Having attempted to show a wide range of new furniture and some of the installations launched at Salone del Mobile and the rest of the city during Milan Design Week over the last few weeks, D.d thought it was about time to focus on some of the smaller items that were on show. While I've strived to keep it to table accessories, vases, mirrors and the like, it's hard not to include a few furniture and lighting pieces, so this post includes a smattering of side tables, lights and the odd valet.
While Milan doesn't offer the volume of accessories that a fair like Maison et Objet does, the general quality is extremely high and with a number of alternative design districts and young designer platforms such as Salone Satellite, Ventura Lambrate and 5vie to provide less commercial concepts, there is always plenty to see.
Mingardo is a Venetian brand that specialises in metal objects, lighting and furniture. This year they launched a large collection of objects by a variety of designers including Chiara Andreatti, a drinks trolley by Gio Tirotto, an objet 'art by Marco Zito, a stool and room divider by Omri Revesz & Damian Tatangelo and a wall light by Parisotto + Formenton to name just a few.
Italian glass furniture specialists, Glas Italia, showed a version of Nendo's 'Layers' display cabinet originally shown at the massive Nendo Works 2014 - 2015 show held last year during Milan Design Week. Now part of the Glas Italia collection, the piece uses suspended sheets of coloured glass to create shifting colour compositions within a white glass structure.
Other pieces of note made from glass include several new vessels by Milan based designer Giorgio Bonaguro for Driade (see below), several new lighting collections by Lasvit, glass room dividers by Bernhardt & Vella for Arflex (above) and a haunting cloche called 'Glasgow' by German designer Anna Weber who showed with German collective Haille Berlin at Salone Satellite. For more exciting glass items check out the Design daily post from a few weeks ago that included the work of Swedish designer Erik Olovsson, also known as Studio E.O. His 'Indefinite Vases' are a highly creative combination of cut stone and blown glass.
Shown above are the 'Kapadokya' and 'Red Square' vases by Giorgio Bonaguro for Driade. The designer also contributed a third new glass item to Driade's new accessories collection - clear glass candlesticks called 'Mykes'.
In ceramics there seems to be a new interest in dark, misshapen and overtly hand made vessels, along with the more minimal porcelain pieces as seen at 2016Arita and many other venues around the city. D.d came across the work of London based South Korean ceramicist Young Ran Lee at the Designers Block in Tortona.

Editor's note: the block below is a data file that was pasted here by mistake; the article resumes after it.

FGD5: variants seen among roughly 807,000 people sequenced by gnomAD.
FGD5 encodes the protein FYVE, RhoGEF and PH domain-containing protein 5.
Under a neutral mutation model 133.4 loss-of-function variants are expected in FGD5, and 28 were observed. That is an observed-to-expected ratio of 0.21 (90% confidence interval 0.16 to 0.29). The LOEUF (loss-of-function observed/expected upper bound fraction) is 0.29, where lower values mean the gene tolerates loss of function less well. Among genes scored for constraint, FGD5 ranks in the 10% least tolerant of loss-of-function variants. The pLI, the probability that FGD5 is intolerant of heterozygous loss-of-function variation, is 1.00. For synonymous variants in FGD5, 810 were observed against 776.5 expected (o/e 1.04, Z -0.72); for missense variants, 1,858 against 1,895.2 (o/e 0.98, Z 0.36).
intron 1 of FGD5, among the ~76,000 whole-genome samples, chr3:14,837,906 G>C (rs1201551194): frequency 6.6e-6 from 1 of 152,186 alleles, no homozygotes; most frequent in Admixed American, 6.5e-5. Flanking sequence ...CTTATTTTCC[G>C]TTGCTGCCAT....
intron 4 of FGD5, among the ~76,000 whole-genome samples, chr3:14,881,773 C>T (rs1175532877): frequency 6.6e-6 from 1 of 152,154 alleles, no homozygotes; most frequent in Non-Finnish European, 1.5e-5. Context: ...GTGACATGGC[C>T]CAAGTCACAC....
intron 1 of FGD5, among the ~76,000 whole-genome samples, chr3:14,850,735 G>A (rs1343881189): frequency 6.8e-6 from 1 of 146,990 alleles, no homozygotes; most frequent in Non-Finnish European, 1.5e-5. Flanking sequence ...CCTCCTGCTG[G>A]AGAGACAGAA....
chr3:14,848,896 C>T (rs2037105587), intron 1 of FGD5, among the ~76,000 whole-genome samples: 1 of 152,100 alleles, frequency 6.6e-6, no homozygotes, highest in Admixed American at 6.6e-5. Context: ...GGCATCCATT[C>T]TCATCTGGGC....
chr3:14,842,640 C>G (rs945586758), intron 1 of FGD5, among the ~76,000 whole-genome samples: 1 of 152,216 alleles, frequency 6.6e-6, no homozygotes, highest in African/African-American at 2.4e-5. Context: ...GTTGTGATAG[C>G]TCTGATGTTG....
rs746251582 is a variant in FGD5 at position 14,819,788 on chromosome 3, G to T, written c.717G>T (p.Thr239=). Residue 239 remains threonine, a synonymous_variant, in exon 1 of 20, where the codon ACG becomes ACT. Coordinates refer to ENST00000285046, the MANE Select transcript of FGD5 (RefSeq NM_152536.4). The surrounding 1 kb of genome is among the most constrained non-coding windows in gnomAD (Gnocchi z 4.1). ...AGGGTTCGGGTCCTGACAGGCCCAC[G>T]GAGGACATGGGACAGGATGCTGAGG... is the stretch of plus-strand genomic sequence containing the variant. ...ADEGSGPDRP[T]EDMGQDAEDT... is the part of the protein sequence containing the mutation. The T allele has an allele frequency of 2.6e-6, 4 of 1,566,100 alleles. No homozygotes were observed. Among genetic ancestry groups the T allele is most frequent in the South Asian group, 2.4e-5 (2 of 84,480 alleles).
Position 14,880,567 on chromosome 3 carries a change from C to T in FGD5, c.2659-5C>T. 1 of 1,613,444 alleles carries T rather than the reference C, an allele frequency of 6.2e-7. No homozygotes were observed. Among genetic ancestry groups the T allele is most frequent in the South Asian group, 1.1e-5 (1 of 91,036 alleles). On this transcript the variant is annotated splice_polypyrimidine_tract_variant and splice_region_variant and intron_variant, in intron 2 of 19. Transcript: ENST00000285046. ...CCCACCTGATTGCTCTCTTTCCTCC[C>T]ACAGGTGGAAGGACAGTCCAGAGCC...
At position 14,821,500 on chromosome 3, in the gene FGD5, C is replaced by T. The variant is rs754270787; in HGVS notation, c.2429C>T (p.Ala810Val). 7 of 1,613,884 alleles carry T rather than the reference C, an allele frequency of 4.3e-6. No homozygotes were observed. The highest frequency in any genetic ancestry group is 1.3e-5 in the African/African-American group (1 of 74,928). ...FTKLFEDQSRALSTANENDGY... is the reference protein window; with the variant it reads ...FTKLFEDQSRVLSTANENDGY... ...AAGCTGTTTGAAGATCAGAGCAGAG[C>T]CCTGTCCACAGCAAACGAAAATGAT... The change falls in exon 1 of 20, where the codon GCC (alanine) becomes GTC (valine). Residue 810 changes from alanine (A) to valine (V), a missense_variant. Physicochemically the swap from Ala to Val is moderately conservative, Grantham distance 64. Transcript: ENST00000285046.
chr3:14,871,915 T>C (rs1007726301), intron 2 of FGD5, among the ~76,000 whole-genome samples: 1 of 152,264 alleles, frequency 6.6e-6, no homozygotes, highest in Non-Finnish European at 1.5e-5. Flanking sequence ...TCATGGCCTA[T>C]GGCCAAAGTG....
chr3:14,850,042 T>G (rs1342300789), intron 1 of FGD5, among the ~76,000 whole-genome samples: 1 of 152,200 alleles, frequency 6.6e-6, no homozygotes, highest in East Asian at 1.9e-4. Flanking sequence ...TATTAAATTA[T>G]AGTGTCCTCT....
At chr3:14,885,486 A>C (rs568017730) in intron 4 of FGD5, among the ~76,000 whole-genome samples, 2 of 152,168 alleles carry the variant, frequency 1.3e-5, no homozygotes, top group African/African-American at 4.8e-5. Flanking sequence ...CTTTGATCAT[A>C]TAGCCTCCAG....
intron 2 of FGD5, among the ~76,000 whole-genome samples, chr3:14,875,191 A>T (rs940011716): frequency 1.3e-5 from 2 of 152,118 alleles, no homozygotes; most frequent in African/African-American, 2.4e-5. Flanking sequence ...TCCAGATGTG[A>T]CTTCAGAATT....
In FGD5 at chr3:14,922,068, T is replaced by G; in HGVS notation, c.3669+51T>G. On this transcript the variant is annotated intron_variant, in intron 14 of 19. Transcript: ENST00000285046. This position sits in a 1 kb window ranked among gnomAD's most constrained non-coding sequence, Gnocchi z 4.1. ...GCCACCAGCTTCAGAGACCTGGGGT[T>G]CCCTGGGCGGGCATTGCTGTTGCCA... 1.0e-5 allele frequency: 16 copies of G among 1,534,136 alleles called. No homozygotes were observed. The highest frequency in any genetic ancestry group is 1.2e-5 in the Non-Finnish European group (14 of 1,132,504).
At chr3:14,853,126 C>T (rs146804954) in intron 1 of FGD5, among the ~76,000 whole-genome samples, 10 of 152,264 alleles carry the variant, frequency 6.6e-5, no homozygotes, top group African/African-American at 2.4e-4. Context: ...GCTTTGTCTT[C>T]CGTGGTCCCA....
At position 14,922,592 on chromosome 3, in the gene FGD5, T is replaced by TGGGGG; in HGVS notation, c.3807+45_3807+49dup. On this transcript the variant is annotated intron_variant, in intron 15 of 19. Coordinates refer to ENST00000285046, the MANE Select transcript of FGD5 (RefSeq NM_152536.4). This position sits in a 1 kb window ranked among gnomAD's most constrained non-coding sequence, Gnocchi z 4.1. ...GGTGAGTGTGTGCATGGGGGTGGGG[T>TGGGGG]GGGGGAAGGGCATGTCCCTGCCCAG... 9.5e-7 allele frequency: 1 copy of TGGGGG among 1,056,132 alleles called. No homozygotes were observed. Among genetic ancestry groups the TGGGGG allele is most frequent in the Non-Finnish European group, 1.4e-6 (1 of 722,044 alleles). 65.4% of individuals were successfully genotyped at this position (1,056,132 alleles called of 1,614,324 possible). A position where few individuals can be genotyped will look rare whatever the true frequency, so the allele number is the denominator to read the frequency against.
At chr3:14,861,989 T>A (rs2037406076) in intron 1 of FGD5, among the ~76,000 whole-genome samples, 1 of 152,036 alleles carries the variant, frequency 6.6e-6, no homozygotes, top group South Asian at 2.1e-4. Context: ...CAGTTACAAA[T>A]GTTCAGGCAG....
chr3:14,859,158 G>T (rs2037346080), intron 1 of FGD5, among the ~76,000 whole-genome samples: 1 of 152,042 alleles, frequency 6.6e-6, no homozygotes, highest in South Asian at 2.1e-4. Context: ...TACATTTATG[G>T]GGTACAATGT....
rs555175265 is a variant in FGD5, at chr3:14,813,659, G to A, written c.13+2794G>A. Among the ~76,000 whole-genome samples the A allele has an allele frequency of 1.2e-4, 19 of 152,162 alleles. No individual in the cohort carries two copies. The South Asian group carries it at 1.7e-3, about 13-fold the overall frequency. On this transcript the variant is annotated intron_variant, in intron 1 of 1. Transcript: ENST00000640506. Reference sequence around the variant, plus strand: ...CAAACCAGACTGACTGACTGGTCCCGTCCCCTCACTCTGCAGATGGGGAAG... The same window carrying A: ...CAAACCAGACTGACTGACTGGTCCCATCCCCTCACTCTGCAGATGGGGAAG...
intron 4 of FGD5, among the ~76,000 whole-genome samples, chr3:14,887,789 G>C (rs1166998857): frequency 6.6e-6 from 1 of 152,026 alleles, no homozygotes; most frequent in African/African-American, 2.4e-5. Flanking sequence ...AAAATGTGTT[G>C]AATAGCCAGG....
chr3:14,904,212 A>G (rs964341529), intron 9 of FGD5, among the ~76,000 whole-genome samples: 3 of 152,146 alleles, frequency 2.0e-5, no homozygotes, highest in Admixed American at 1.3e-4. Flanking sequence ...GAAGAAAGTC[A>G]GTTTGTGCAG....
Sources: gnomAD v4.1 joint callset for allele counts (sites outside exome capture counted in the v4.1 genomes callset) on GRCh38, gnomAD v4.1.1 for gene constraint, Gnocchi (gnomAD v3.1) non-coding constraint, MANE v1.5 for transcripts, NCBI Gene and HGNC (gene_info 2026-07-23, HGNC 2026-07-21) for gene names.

Atipico is an Italian company based in Viadana in Lombardy who works a lot in metal. Their new releases this year included the 'Hutch' mobile bookshelf and hanging shelving object by Chiara Andreatti (it seemed like she was everywhere this year). The brand also launched an extremely simple but graphic bench and stool combination in black stained timber called 'Iperbole' by Federico Angi.
Released last year, but shown as part of the new collection, the 'Roman' candleholders by Rafaella Mangiarotti played on the continuous line concept that has been explored previously by others like Shane Schneck for Hay but manages to create a new lyrical form in the process.
A number of ceramic designers and makers worked in blue and white using various techniques that highlighted the possible imperfections of the ceramic process. Rotterdam's studio Oddness uses a thin blue glaze blown full of air bubbles to decorate their vessels in a random soap bubble pattern. These intriguing vessels are available through the excellent Dutch online designer sales platform Crowdy House for a few more days. You can purchase them here - but be quick - the post Ventura Lambrate sale ends on the 26th of May.
Berlin based designer Anna Badur also uses blue glaze to create random pattens on porcelain but the look is quite different. With her 'Blue Sunday' plates it was a simple process of dropping small quantities of cobalt glaze and coaxing it to gently run around the rim, while in her 'Tidal' vessels the glaze is forced up the sides of the vessel in such a way as to leave a delicate 'tide' mark.
Anna Badur's marble wall clock (above left) not only split the face in two with two different types of marble but express time in two ways - the left in five minute intervals, the right in thirty, one minute segments.
In recent years Italian furniture brand Bonaldo have begun to place more emphasis on accessories. This year they launched several mirrors including the delightful 'Piers' mirror with shelf by Roberto Paoli along with the 'New Perspective' mirror by Alain Gilles.
Italian designer Matteo Thun launched his own brand during Design Week, Matteo Thuna Atelier. The online only brand will offer a number of customisable collections such as the 'Vasi da Colorere' ceramic vessels seen above.